The goal of Buddhism is to end all suffering:
Buddhism = End Suffering
This is what I learned when I participated in a 10 Day Meditation retreat, which I have done at Wat Suan Mokkh (aka Garden of Liberation) located in Surat Thani, Thailand. This is the post about my experience and what I have learned during these 10 days.
My experience in a sentence:
10 Day Meditation = Samurai Bootcamp
I wanted to go to such a place already for at least a year, but when I arrived to the retreat I was seriously considering quitting the first two days. In the end I asked myself what are the pros and cons of staying. My pros weighted more than the cons so decided to stayed. Specifically:
What Made This Retreat to Tough Was:
1) We had to wake up everyday at 4am
2) We slept on concrete beds, with pillow made of wood
3) We were not allowed to speak or make eye contact
4) Girls and boys had to stay separately
5) There were no mirrors
6) We had 1 or 2 meals per day
7) We had to be in a present moment with our thoughts
8) Reading, writing, computers, or electronics were not allowed
9) We were not allowed to harm mosquitos, which were plenty
10) We had chores
11) In toilets there was no toilet paper, just a bucket of water
12) Days seemed to go for longer and I was often very bored
Our Schedule for 10 Days:
4h00 – Rise and Shine
4h30 – Morning Reading + Group Meditation
5h15 – Yoga or Tai Chi
7h00 – Morning Talk
8h00 – Breakfast, Chores and Hot Spring
10h00 – Sitting Meditation
11h00 – Walking Meditation (guided)
11h45 – Sitting Meditation (guided)
12h30 – Lunch & Hot Springs
14h30 – Meditation
15h30 – Walking Meditation
16h15 – Sitting Meditation
17h00 – Sitting Meditation or Chanting
18h00 – Tea & Hot Springs
19h30 – Group Sitting Meditation
20h00 – Group Walking Meditation
20h30 – Group Sitting Meditation
21h00 – Bed Time
21h15 – Dorms Gate Close
21h30 – Lights Off
Why Retreat Was Awesome:
1) We learned about Buddhism and how to meditate
2) We learned Yoga
3) I had personal interview with one of the highest respected senior 85 y.o. monk
4) There were hot springs that we could visit everyday
5) Food was delicious and nutritious everyday
6) We were in a middle of Thai jungle nature
7) There were tons of different animals and insects – mosquitos, lizards, ants, butterflies, scorpions, snakes, monkeys, and so on. I was personally greeted by a big lizard in my room on day 1.
8) I had 3 major realizations
1) Feeling my Body, Feelings, and Mind – On a day 3 I felt a strange tickling sensation in my arms, forehead, and body. I asked one of the junior monks about it. He said that I was in touch with my feeling, mind, and body, and therefore I was ready to do some deeper work.
2) “I am a Mirror …” – On a day 5 I suddenly head an urge to say:
“I am a mirror through which The Universe is manifesting itself. I surrender myself to the universe. I surrender every sell of my body” – which I repeated several times.
I noticed the mirror, which represented my body was not yet perfectly clear, so I started to search for the sources of imperfection, which were tensions in my body and in my mind. Upon identifying these tensions, I was able to smoothen them out and that’s where I had the clearest and most relaxing moment in my life.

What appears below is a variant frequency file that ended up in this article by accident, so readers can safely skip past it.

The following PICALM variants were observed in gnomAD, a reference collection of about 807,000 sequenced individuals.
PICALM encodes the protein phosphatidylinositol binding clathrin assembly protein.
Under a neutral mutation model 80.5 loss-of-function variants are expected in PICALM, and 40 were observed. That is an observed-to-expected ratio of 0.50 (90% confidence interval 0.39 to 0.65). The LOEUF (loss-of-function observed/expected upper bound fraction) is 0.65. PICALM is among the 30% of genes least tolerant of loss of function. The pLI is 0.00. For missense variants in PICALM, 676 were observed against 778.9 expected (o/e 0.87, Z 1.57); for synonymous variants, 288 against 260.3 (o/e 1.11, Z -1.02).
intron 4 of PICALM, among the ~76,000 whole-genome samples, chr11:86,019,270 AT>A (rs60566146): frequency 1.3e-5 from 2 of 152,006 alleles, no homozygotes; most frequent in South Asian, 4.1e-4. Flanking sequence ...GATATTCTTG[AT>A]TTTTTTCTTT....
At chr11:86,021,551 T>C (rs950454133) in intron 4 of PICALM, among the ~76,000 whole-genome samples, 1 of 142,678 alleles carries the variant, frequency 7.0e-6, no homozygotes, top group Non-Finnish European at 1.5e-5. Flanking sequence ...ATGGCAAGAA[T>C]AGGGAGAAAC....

3) There is No Ego – On day 7, I was working with my attachments (see bellow) when I experienced the moment where I had “no ego”. It was very liberating, powerful, and scary.
End of Ego – Selfishness, Attachments, and Happiness
Having “No Ego” is an ultimate goal of Buddhists aimed at the end of all suffering.
Buddhism = No Ego = End of Suffering
This is perhaps why Buddhists wear simple cloth, eat food only for nutrition, exclude themselves from modern day distractions, stay away from opposite sex, and follow many other strange habits.
1) Metaphor to having no ego: To have “No Ego” is like getting older and have some things that were important to us before, such as partying, become less important. This is exactly how losing the ego feels.
Its like listening to different sounds on a background which we usually tune out, such as the singing of the birds. These sounds are contently there, but because they are not immediately important to us we are gradually becoming deaf to them. In this way we are selective about what we allow to go inside our awareness and what keep out. This just proves that we have capacity to tune everything out, including these things that we think are important to us right now, including pain.
When pain arises, such as when we sit cross legged for hours, we obviously notice the pain, but we don’t need to do anything else besides noticing. In this way, noticing is just seeing that the is some tension in the muscles, which we usually connect to pain, but not going further than muscle tension, as pain is not important to us, in a similar way like bird singing is not important.
Indeed, the pain will go away in a similar way like everything else, which Buddhists call impermanence.
2) Impermanence: Idea of impermanence was drilled into my head when it came to having no attachments and “no ego”. Buddhists say that if we are attached to something we become slaves to it. However, we perceive attachments as permanent, while nothing is permanent. Pain and other emotions are impermanent, so is the world, so is our bodies. In fact, we are all going to get sick, old, and die.